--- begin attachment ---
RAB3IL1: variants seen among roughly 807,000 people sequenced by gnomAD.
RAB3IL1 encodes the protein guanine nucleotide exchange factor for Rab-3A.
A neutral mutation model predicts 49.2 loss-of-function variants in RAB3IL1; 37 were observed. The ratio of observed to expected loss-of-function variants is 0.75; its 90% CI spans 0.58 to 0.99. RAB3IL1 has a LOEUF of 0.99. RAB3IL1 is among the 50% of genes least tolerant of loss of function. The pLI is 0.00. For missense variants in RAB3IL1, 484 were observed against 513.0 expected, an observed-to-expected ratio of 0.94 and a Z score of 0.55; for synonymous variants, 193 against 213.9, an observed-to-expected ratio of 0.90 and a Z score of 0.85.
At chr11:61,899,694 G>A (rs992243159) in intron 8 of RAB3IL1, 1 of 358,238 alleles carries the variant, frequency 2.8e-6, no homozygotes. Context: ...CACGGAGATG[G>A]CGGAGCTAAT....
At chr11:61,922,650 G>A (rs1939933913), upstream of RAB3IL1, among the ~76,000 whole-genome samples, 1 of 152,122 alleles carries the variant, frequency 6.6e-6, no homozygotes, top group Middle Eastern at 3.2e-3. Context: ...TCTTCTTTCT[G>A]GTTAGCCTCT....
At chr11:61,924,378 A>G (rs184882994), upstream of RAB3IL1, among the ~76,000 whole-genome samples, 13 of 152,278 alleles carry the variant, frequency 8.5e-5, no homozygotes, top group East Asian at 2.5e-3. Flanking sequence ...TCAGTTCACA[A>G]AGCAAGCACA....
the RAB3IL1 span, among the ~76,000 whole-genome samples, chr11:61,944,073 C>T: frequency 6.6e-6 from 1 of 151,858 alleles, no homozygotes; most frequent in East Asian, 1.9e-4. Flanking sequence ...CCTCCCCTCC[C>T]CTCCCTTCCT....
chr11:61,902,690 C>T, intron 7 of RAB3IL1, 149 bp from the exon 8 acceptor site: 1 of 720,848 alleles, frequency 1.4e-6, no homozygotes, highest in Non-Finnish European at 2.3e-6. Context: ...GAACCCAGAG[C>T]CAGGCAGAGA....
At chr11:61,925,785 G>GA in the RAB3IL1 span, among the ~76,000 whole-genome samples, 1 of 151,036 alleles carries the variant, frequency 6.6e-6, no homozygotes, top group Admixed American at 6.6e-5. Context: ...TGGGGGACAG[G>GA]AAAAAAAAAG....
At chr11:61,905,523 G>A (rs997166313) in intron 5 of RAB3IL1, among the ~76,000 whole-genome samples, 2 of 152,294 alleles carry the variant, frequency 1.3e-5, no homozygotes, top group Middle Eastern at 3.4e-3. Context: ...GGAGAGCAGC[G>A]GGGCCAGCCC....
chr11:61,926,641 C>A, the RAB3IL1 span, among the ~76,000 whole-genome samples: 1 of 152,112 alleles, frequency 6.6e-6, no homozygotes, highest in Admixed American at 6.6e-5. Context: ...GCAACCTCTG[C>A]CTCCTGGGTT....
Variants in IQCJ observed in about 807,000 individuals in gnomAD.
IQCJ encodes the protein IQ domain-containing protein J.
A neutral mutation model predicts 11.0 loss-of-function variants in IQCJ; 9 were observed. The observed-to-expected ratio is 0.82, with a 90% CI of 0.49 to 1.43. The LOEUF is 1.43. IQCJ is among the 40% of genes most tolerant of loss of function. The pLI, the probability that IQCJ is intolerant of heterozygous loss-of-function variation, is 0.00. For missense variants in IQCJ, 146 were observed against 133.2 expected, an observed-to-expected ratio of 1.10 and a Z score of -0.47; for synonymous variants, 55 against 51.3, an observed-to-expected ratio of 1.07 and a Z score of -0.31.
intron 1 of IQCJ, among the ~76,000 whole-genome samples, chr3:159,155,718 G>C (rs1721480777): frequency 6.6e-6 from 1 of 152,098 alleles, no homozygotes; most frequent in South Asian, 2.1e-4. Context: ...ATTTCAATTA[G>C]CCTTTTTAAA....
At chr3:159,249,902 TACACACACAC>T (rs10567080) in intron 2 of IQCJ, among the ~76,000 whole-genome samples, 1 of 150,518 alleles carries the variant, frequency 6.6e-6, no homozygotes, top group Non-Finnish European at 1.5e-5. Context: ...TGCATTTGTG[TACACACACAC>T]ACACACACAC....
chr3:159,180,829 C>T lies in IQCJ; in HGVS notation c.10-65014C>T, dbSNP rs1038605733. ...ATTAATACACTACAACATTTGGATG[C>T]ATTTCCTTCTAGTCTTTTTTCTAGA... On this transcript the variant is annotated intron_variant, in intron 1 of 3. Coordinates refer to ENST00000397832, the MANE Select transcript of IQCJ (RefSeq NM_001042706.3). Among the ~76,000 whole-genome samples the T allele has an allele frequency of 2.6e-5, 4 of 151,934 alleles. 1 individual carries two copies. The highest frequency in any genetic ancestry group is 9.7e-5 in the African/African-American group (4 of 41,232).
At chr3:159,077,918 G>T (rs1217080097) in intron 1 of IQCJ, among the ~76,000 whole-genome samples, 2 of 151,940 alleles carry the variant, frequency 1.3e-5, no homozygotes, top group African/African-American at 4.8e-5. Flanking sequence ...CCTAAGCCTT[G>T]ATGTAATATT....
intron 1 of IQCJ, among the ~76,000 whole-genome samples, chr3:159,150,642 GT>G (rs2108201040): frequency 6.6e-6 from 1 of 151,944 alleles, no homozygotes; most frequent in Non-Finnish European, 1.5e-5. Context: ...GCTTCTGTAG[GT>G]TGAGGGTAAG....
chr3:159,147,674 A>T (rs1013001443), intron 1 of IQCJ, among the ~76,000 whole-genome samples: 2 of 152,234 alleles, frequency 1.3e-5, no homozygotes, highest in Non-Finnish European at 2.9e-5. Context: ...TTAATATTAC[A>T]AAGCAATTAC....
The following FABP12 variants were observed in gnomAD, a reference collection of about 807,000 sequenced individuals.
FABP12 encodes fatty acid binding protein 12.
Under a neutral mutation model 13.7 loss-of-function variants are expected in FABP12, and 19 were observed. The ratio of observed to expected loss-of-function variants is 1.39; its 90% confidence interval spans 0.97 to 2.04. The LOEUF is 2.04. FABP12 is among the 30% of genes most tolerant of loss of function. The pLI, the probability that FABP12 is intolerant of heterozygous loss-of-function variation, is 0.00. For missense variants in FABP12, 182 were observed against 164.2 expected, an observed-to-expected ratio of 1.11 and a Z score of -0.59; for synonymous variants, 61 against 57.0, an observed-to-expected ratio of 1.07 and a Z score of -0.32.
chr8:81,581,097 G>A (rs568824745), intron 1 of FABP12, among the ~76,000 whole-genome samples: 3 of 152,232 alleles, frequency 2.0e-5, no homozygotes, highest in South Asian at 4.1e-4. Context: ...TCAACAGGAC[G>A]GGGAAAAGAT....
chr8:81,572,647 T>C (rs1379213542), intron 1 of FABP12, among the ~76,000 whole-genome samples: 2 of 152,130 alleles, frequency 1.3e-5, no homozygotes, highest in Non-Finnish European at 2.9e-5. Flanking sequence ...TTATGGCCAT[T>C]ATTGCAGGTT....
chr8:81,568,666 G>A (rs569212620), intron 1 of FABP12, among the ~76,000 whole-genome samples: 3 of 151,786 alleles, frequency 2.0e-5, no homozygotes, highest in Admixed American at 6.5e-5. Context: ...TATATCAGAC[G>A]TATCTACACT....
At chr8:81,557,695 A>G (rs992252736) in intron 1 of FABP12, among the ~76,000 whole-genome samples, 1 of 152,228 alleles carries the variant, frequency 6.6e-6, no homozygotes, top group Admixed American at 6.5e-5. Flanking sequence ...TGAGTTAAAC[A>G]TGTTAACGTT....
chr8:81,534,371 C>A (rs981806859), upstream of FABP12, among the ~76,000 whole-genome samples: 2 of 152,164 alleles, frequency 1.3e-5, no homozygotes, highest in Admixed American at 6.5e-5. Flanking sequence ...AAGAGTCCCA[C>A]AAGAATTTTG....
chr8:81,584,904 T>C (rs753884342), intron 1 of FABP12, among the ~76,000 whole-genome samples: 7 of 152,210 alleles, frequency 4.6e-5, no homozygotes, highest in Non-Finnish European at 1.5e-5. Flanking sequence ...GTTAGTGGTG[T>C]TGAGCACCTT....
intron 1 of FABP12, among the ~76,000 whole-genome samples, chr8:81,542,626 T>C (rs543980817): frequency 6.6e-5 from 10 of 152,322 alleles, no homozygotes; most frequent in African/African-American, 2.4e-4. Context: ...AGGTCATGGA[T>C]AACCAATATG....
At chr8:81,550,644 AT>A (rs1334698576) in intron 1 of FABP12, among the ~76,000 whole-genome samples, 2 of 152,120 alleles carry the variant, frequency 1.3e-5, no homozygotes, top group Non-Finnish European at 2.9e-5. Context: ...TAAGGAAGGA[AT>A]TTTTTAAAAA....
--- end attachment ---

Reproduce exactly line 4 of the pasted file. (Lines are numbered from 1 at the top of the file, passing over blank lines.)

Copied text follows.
At chr11:61,899,694 G>A (rs992243159) in intron 8 of RAB3IL1, 1 of 358,238 alleles carries the variant, frequency 2.8e-6, no homozygotes. Context: ...CACGGAGATG[G>A]CGGAGCTAAT....